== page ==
I am interested in how the interactions between our genes, body, and experience during development shapes how we see and act on the world. How does our brain learn to detect meaningful patterns in the noisy and ambiguous signals that enter our eyes? And how does the developing system learn to use this information for efficient action and decision-making? How are these processes affected by atypical development, for example in case of early vision loss, and what is the scope for experience-dependent plasticity to overcome this at the neural and behavioural level?
To study these questions, I take a multi-method approach that combines psychophysics, eye-tracking, EEG, and state-of the art fMRI methods. To understand developmental mechanisms that drive changes vision and visually-guided action I fit these data with ideal observer and neural encoding models models. A challenging but fun aspect of this research is to come up with the best ways of obtaining precise and reliable measures from very young children.
My interest in developmental visual neuroscience was sparked during my MSc work with Annette Karmiloff-Smith on the knock-on effects that eye movement control in infancy may have on later perceptual and cognitive abilities. I then went on to do a PhD on the development of visual object processing in the dorsal and ventral stream, at the Centre for Brain and Cognitive Development at Birkbeck, University of London, under supervision of Prof. Marty Sereno, Prof. Denis Mareschal, and Prof Mark Johnson. In my postdoc at the UCL Institute of Opthalmology, I studied the development of sensory and sensorimotor integration and their neural basis with Dr. Marko Nardini. In January 2016 I became a Research Fellow at the UCL Division of Language and Psychology, on an ESRC Future Leaders Fellowship. I am currently funded by a Moorfields Eye Charity Career Development Award, and head the Child Vision Lab, which is part-based at the Institute of Ophthalmology and PaLS Experimental Psychology, where we study the development of vision and vision for action in normal and atypical development.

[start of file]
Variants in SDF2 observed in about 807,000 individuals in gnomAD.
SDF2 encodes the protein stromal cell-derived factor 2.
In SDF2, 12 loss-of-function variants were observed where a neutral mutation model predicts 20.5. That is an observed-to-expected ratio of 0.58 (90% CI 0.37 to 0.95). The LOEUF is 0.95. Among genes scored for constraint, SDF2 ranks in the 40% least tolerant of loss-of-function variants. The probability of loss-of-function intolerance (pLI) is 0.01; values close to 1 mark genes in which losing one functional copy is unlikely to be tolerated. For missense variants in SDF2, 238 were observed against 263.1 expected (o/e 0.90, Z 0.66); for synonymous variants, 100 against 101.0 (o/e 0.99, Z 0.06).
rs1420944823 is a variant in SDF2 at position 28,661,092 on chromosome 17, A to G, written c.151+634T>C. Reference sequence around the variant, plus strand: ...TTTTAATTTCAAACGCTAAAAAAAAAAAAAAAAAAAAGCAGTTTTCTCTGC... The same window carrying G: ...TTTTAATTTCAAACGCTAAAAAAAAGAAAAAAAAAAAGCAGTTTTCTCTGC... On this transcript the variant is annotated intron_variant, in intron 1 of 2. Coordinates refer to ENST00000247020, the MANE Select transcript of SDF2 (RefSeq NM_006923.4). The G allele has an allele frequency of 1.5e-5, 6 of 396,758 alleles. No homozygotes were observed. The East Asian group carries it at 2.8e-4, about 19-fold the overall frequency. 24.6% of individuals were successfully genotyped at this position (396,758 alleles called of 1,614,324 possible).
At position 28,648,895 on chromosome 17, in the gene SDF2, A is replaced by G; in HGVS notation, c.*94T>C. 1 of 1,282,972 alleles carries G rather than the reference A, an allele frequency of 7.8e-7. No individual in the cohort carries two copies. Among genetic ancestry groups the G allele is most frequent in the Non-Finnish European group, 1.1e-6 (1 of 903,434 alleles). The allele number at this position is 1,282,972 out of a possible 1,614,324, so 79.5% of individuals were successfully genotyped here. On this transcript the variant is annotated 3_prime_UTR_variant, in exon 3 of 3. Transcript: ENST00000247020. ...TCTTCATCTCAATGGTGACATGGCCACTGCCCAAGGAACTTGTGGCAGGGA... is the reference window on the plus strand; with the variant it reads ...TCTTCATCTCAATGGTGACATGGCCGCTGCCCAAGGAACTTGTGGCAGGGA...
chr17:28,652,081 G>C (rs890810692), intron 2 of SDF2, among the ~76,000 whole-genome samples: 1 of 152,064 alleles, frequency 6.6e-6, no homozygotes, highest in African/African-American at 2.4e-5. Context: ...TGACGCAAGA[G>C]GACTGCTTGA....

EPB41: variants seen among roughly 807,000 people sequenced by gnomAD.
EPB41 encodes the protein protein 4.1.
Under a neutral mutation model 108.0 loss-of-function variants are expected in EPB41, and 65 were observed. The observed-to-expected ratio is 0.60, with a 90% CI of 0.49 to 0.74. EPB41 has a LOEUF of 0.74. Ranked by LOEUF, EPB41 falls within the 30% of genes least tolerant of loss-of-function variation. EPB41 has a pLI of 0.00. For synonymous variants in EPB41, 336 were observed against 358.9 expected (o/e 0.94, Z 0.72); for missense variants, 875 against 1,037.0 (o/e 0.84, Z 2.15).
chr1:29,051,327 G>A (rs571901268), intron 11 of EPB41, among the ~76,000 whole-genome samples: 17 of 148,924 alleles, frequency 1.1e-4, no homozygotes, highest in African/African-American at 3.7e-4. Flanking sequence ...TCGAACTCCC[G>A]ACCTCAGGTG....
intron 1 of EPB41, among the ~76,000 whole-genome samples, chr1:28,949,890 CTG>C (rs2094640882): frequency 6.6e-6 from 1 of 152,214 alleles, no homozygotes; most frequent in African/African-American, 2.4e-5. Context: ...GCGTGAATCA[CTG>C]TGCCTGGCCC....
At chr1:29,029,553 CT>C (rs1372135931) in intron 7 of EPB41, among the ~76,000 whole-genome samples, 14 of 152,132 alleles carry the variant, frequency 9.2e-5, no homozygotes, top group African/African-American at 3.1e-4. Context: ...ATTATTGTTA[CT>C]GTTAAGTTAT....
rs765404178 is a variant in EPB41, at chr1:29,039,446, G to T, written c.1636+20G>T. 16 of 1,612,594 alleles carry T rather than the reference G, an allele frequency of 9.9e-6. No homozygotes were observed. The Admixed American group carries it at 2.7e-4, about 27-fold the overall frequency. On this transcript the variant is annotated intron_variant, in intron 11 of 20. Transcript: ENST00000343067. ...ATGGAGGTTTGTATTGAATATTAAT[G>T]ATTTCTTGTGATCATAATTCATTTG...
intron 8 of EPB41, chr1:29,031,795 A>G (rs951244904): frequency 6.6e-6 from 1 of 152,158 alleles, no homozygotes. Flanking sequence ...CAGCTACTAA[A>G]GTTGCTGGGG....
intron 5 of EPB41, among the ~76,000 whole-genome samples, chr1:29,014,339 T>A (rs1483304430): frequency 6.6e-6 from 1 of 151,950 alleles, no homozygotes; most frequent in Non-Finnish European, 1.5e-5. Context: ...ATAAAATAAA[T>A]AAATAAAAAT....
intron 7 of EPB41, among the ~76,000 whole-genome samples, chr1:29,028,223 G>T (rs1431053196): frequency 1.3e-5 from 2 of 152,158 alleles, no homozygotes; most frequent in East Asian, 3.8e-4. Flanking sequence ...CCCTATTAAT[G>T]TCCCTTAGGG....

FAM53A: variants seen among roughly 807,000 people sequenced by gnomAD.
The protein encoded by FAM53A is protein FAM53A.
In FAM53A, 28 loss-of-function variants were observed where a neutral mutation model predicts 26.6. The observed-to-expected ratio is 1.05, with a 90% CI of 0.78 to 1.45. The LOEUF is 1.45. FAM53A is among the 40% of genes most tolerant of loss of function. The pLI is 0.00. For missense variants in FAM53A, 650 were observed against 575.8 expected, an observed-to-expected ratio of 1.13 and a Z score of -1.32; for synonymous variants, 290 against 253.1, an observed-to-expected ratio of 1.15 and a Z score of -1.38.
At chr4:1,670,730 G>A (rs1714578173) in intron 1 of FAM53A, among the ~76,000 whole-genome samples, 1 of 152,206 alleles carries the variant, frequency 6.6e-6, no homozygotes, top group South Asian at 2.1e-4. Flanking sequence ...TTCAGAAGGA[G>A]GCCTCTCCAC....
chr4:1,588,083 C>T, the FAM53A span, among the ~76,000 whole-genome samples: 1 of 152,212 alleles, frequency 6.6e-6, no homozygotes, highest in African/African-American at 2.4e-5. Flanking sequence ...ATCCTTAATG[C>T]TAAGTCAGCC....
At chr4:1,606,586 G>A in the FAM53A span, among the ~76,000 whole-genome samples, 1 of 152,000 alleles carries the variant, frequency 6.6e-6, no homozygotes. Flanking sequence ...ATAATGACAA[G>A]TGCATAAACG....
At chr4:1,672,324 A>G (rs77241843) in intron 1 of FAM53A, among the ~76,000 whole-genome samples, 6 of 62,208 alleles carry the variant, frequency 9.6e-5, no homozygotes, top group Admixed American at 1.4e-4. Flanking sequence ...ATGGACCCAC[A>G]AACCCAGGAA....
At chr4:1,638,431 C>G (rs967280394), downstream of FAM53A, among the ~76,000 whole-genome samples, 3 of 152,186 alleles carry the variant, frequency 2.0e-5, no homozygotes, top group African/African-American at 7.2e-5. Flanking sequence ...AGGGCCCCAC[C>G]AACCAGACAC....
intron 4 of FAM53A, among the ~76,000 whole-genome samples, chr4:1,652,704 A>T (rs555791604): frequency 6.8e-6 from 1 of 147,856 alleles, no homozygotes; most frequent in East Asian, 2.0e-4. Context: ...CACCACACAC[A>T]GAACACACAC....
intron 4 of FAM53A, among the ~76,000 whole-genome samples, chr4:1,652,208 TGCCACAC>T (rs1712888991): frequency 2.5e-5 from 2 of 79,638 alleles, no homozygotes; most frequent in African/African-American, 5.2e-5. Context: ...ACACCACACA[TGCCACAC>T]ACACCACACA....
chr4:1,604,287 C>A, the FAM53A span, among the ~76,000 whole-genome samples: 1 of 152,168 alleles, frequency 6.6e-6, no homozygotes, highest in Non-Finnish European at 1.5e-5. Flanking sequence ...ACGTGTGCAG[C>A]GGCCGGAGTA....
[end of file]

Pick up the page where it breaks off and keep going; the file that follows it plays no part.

I co-organise a 2nd year BSc Psychology module on Perception at the UCL Division of Psychology and Language Sciences, and manage the fMRI safety and operator trainings at the Birkbeck/UCL Centre for Neuroimaging. In addition, I regularly give sessional lectures at various London Universities, including UCL Psychology and Language Sciences, UCL Institute of Child Health, Westminster, and Kingston University. Topics include development of vision, vision for action, MRI methods, developmental disorders, and motor systems in the brain.
26 Bedford Way
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UCL Institute of Ophthalmology
11-43 Bath Street